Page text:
Experience versus convenience: offline or online learning?


Written by Sriyashree Padhy

The pandemic has brought upon several disruptions including the learning setup. Since I was (still am), a college student when the COVID pandemic hit, I’ll express opinions from my perspective.

The biggest reason for me to go to a college which is far away from my home was to experience the whole ‘independent living’ thing, to be (for the most part) responsible for my own self, among other reasons. There’s also the fact that a face-to-face interaction, even when one is enrolled in a college that’s in the same city as their home, provides some life experiences and lessons. You get to learn about the stuff that is not exactly verbally explainable, but can only be experienced. 

Face-to-face classes, or offline classes as we call it, are somewhat of a conventional mode of teaching, so many people feel more comfortable if they sit down in a classroom, with the teacher explaining concepts. Online conversation is somewhat of an inconvenience, as people usually prefer the face-to-face experience rather than being on a call where the teacher explains concepts and solves doubts. ‘Offline’ meetings and interactions provide solid information about what kind of a person you’re interacting with. You can know a lot about a person by just observing their posture. This is important for college students and their teachers alike, as the students can know their peers better, and the teachers can determine which student gets distracted easily.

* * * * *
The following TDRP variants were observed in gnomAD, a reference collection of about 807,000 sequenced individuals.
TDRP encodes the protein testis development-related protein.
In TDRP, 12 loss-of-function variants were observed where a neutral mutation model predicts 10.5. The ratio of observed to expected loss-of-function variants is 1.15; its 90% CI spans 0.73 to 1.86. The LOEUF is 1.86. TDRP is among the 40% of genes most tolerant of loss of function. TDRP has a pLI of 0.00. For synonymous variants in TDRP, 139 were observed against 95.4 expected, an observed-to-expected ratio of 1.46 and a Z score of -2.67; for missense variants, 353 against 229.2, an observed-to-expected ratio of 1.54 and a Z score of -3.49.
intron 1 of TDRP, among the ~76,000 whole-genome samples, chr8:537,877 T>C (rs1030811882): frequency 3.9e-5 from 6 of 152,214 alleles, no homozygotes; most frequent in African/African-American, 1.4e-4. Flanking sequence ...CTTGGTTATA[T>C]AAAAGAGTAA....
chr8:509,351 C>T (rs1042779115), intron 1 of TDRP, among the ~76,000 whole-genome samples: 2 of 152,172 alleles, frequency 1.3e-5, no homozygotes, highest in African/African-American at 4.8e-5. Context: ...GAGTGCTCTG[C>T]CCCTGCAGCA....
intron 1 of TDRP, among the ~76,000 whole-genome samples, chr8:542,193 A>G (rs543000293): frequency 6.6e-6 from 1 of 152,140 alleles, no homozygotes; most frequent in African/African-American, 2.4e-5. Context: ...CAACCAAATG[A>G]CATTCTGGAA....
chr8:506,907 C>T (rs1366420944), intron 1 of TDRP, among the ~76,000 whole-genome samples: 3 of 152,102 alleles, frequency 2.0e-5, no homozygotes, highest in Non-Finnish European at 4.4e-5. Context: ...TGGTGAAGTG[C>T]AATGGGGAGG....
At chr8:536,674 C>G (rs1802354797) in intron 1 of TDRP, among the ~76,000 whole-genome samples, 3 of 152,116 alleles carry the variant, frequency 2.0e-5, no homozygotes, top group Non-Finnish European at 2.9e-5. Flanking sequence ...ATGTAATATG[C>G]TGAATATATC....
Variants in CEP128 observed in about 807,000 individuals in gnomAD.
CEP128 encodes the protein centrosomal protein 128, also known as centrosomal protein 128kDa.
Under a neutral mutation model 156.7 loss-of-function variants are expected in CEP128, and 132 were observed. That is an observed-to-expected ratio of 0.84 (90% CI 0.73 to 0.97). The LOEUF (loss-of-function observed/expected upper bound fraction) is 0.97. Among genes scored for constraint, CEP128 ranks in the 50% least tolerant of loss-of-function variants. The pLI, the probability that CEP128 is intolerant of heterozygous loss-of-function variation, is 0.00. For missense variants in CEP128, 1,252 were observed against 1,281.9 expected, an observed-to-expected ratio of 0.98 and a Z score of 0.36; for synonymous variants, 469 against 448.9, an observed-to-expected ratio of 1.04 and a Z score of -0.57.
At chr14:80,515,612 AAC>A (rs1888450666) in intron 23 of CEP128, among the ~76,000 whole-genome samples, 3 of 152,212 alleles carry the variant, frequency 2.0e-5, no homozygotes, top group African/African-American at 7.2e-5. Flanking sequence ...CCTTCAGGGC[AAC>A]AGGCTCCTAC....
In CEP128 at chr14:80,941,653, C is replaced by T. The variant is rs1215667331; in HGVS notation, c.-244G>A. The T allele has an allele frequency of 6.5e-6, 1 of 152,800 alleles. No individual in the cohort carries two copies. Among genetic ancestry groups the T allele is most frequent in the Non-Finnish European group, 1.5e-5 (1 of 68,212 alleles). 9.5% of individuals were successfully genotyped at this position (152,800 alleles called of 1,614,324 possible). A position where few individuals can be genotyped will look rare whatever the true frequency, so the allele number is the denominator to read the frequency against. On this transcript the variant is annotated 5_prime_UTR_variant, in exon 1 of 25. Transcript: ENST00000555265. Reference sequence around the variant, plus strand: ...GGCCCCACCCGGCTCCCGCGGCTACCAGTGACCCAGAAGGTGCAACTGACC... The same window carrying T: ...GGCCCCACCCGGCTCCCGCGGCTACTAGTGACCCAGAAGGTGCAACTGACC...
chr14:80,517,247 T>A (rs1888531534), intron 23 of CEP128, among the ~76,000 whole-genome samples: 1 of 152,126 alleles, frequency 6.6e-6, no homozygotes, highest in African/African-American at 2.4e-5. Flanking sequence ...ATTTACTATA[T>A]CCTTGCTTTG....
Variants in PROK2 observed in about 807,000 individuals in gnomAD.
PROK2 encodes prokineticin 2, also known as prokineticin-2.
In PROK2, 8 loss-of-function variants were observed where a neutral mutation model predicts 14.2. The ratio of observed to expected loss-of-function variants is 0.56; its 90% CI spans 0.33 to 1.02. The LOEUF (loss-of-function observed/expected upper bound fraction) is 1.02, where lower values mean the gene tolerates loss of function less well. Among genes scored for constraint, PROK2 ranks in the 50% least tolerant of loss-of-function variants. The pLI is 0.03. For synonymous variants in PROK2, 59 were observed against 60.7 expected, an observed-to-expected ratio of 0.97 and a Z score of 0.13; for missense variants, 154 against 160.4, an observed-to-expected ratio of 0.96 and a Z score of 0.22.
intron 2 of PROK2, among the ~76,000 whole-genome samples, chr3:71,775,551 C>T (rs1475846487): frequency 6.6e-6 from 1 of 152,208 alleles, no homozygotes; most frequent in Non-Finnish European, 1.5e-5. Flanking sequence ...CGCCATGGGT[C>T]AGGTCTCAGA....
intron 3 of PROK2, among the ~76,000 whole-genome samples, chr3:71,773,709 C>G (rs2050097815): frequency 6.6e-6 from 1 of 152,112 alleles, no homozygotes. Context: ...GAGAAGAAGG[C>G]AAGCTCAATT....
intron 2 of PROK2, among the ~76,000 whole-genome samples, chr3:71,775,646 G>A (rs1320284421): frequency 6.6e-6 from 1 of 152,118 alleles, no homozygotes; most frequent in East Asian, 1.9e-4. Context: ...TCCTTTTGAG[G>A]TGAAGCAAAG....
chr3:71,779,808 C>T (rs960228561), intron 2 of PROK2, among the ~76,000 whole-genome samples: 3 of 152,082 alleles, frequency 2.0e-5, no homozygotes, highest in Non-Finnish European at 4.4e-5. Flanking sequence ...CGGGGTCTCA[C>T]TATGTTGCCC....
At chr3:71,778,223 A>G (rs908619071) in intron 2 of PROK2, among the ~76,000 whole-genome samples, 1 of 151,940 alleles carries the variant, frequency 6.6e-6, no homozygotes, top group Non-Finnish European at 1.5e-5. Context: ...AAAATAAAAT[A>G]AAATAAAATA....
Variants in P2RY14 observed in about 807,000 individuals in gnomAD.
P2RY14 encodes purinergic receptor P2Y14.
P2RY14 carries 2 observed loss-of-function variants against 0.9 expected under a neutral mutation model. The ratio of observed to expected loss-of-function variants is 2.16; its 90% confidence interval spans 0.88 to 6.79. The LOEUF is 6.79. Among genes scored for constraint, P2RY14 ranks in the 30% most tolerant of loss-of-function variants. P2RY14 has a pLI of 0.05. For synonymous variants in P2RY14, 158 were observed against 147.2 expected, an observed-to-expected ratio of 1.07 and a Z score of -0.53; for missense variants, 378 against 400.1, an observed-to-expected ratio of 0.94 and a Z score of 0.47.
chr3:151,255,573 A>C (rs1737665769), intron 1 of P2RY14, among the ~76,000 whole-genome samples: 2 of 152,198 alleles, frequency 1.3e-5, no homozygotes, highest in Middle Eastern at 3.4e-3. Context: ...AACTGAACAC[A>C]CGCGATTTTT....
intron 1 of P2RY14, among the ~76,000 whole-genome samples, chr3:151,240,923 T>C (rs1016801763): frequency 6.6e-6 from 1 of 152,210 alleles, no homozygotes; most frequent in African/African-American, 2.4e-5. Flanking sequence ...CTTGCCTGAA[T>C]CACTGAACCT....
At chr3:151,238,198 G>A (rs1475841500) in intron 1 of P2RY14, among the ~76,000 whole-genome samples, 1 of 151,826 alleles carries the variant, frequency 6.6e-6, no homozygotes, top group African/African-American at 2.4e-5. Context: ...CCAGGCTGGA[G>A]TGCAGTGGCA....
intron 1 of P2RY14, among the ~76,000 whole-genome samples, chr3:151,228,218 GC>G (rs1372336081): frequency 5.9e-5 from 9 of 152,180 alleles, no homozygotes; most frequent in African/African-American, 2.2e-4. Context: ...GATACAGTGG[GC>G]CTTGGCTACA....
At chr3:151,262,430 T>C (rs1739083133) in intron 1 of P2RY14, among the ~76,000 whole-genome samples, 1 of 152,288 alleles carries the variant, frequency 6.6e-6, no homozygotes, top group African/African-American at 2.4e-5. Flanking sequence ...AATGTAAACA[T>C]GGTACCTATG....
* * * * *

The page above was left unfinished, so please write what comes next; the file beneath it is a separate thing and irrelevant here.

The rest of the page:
But online modes of interaction do not offer this feature. And when there is any internet connectivity issue, you either miss out parts of what the teacher is saying, or even can’t attend the class altogether. This was stated by one of my friend Sruthi, who feels like online classes don’t hold the same appeal as offline ones, because you practically just sit alone, staring at a computer screen, wondering when this torture would end. And according to a paper published by American Economic Association, the evidence accumulated for the study indicates learning outcomes were reduced for students in the purely online section relative to those in the face-to-face format by 5 to 10 points on a cumulative final exam. 

Fundamentally speaking, there’s nothing wrong with online classes too. For people who feel uncomfortable asking questions in physical classes, online platforms provide a sort of anonymity, even though your classmates still do know you. Asking doubts in online classes doesn’t make these people feel self-conscious, or being judged for asking about basic concepts. Online classes also have an edge over the offline ones, where teachers can straight away block the troublemakers who disrupt the class, without having to wait for the suspension letter or the college administration to step in.

But if someone were to ask me or even my friends, I would definitely go for face-to-face classes. Classes are not just about the teacher droning on and the students listening; they’re much more than that. I want to have the freedom to straightaway ask my seat neighbour to give me her notes, in case I missed some part. Offline classes have also helped me establish a rapport with my teachers and classmates, which hasn’t been possible so far in online classes. 

Sriyashree Padhy is a 3rd year student pursuing her Bachelors in Technology degree from Vellore Institute of Technology, Vellore, Tamil Nadu, India. She’s passionate about books, music and discussions on politics.

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